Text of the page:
The other difficulty in navigating through concerns about financial toxicity is the fact that cancer care costs are not always known upfront, and our responses are often reactive rather than proactive. Healthcare organization and insurance disclosures about upfront costs for procedures, imaging, medications, and office visits could shift this paradigm. In addition, Luna suggests that more detailed education on the selection of insurance plans could offset the problem of patients’ being underinsured.
What strategies do you employ to help patients overcome the financial toxicity of cancer care?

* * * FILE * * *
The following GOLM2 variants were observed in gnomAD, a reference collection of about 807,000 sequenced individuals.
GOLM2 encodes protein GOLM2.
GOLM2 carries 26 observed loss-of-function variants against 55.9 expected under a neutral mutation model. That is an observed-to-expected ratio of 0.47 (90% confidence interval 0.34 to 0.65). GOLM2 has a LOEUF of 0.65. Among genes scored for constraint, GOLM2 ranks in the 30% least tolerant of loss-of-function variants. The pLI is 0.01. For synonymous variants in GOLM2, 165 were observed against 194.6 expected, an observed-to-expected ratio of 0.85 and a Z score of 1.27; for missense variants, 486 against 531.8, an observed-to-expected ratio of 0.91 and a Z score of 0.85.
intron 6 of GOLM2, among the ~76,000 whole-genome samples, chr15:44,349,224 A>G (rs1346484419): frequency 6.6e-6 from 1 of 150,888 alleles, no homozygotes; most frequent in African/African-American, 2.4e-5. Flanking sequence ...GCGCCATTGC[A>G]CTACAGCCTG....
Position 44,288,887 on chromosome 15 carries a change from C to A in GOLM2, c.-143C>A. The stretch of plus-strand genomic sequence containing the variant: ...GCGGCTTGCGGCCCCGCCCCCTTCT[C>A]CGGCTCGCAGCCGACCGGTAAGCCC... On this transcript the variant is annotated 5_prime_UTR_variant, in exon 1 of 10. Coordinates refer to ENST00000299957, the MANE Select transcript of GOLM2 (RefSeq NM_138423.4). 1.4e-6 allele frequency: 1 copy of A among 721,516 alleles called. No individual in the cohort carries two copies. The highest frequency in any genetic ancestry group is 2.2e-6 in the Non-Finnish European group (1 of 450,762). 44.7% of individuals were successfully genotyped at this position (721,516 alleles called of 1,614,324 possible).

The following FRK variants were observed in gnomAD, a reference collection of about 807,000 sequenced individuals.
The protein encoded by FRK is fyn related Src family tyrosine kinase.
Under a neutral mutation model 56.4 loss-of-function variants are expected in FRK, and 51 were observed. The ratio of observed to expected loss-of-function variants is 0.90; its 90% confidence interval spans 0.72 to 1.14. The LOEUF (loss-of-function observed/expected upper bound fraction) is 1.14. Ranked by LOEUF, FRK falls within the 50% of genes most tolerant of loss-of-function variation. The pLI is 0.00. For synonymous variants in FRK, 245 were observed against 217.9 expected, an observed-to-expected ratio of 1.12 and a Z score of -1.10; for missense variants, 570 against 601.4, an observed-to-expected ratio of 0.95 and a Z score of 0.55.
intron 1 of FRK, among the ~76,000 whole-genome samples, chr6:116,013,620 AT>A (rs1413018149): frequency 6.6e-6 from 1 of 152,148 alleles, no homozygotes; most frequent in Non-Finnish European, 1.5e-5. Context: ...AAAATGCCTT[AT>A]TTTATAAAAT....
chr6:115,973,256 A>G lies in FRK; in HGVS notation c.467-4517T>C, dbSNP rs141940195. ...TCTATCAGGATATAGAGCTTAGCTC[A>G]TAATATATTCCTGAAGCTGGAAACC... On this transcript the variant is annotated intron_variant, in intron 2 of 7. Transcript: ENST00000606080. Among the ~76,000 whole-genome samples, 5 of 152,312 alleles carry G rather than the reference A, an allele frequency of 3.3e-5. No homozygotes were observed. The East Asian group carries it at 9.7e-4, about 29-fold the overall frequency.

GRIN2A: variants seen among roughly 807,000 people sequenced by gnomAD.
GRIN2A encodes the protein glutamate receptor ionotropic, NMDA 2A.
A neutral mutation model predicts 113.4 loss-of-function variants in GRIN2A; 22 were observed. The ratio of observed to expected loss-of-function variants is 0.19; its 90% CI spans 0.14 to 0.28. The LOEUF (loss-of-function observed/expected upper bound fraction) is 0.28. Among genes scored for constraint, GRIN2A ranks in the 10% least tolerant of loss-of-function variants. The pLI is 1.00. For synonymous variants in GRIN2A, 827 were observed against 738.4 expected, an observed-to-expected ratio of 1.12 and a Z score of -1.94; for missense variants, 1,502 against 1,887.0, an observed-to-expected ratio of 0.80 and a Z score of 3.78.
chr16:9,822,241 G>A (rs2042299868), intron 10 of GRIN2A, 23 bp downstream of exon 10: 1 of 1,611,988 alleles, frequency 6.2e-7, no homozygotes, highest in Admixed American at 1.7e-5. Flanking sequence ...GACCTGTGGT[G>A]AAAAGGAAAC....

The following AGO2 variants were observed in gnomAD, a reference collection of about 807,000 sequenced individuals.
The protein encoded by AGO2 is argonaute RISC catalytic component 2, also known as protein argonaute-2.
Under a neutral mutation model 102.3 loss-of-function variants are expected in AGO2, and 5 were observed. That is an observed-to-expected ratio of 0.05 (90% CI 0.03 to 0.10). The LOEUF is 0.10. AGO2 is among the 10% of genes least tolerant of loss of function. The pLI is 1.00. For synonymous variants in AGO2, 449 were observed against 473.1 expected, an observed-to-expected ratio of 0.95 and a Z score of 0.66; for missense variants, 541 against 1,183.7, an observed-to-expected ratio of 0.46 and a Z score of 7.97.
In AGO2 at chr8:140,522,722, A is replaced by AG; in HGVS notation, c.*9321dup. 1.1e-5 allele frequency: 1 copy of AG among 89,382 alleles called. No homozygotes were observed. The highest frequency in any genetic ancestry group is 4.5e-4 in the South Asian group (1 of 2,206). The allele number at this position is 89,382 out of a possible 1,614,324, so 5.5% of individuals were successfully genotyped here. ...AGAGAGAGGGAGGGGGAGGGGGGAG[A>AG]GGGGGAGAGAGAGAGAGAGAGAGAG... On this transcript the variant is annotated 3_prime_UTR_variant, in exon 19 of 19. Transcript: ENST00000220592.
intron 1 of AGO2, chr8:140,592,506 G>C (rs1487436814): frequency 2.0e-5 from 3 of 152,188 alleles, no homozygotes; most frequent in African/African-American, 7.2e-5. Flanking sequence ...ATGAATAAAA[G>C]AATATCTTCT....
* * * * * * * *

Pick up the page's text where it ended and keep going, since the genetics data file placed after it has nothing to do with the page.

Current strategies to combat financial toxicity include the use of drug manufacturers’ copay cards, patient assistance programs, and disease-based grant funding for medication copay assistance. However, Shaver notes that some of the biggest difficulties she deals with are finding grants and funding related to rare diagnoses and off-label medication uses, in addition to accessing assistance with deductible payments for commercially insured patients. Suthar suggests keeping a list of resources and documents (phone numbers, points of contact, and eligibility and documentation requirements for various assistance programs) and connecting with field reimbursement representatives in drug companies who can help break down barriers to getting patients access to medications. He also recommends using online portals for real-time feedback. Courtney’s strategy is proactive: she ensures that she “provides the best patient education to decrease toxicities and risks that may lead to the patient missing work or being admitted to the hospital.” She highlighted the need to tackle financial toxicity from all angles. Luna points out that sometimes the only course of action is to help patients shift costs based on available resources. For example, you may find resources to assist with transportation so that patients can then apply the money saved toward another cost.